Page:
Artist Spotlight: Lincoln Durham

Lincoln Durham is a roving singer-songwriter from Austin, Texas, but there is much more to this raggedly-dressed, white vegetarian than meets the eye. Durham is a deviously eerie, blues wailing, one-man band. During a live show, he will go through everything from playing a cigar-box guitar–which he made himself–to banging on an old ’50s style briefcase that he’s wired an electronic pick-up into. Durham’s style is a simple, yet piercing Robert Johnson impression that will send shivers down your spine and make you wonder if he’s sold his soul to the devil. He has no shortage of knowledge of the basic blues, that is made apparent on songs such as “Living this Hard” and “Mud Puddles” where Durham belts out gravelly bars over a picked out blues beat mixed with slide guitar. Lincoln does have a softer side though, which he lets out on tracks like “Trucker’s Love Song” and “Clementine”. For the most part, his debut album, “The Shovel vs. The Howling Bones”, is exactly what you might expect: a haunting, twisting-turning, tale of loss and anguish mixed with beautifully simple instrumentals using only Durham on guitar/harmonica/god-knows-what, and Rick Richards on the drums. Durham honed his skills under the study of Texas music legend, Ray Wylie Hubbard, and Richards was Hubbard’s drummer for many years. Durham opted to hold the album to as simple as possible and even sings in “Living This Hard”, “I don’t need me a little band, Mr. Davis says I’ve got a sportin’ right hand”. Durham will be dropping a new album on October 22nd that is sure to bring as much darkness into your life as his first, so if you haven’t checked out Lincoln Durham be sure to, and check out the album on October 22nd!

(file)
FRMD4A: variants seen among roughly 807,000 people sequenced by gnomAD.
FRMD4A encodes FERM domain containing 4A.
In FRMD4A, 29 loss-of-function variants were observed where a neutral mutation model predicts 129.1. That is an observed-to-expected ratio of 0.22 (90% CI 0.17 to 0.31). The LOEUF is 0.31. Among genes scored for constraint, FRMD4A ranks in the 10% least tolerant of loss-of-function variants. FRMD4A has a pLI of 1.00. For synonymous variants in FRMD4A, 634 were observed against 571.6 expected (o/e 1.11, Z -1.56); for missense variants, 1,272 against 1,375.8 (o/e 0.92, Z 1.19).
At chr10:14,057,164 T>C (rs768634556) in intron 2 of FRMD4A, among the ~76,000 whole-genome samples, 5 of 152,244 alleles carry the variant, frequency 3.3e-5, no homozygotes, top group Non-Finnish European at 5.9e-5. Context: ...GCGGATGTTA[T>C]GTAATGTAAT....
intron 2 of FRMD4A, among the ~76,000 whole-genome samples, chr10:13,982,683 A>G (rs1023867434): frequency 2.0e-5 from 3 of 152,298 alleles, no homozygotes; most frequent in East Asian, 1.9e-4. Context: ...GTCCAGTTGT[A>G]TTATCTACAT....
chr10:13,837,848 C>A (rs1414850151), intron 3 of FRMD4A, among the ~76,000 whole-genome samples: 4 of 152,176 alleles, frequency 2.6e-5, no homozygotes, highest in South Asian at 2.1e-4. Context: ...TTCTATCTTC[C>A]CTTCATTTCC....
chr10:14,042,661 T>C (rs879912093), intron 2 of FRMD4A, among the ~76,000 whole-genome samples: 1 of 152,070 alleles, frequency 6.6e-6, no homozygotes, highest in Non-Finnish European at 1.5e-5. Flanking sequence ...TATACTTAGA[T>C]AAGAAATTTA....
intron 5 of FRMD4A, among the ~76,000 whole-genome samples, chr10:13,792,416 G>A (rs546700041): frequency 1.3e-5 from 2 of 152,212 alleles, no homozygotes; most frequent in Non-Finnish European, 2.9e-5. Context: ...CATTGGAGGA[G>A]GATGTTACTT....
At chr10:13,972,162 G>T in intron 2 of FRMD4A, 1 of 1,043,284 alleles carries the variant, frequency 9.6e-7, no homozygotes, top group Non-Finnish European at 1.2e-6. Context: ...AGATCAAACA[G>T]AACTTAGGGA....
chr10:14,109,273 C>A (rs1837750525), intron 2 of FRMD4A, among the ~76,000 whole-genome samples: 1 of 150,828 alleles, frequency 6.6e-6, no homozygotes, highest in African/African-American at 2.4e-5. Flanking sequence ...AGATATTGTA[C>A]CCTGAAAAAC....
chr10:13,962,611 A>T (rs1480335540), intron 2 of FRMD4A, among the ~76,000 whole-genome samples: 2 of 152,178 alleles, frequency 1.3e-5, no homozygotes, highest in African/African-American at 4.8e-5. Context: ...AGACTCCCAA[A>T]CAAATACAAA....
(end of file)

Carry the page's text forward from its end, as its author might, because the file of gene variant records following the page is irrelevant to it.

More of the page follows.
And, a few of my favorites:

Living This Hard –

Mud Puddles –

How Does the Crow Fly –

Ballad of a Prodigal Son –


Artist Spotlight: The Dirty River Boys

The Dirty River Boys, or “DRB”, are an acoustic, four piece, jug-band from El Paso, Texas. The boys are now based in Austin, but stay true to their roots. When the band started, they played full electric for a while, but decided it didn’t fit them. They wanted to say something and have people actually listen. Don’t let the acoustic guitars and upright bass fool you though, these boys can flat out rock when they want to. Their live show is one of the most high-energy and emotionally involved that I have ever seen. With the two singers, Marco Gutierrez and Nino Cooper switching off songs and playing rhythm guitar/harmonica and lead guitar/mandolin respectively, all while keeping in perfect harmony with the other members of the band it’s hard not to get swept up in their self-proclaimed “outlaw Americana folk” vibe. In the background, you’ll find Colton James standing tall in cowboy boots and a matching hat, slapping the upright bass or fingering out beautiful rolls on the banjo, while Travis Stearns, a shaggy haired, camo adorned, trucker hat fanatic stomps his snakeskin boots, plays the cajon drum with one hand and beats a tambourine onto a snare drum with the other, banging his head as if he was listening to Pantera the whole time. Don’t get me wrong though, these boys are not limited to one or two instruments. Throughout their live show they switch around showing that they are all well versed in every instrument on the stage. The boys music is as diverse as they are. Covering everything from rock influences in the song “She”, a tale of a women who will suck you in and do you wrong, to traditional folk songs like “Boomtown”, a pioneer tale of heading out west sang with elegant harmonies that sound as rustic as the picture the lyrics paint. These boys are by no means your average folk singers, but they give it an edge that can’t be beat in my opinion. So check out The Dirty River Boys!

As usual, a few of my favorites:

Boomtown –

My Son –

She – (Not the best quality)

Raise Some Hell Tonight –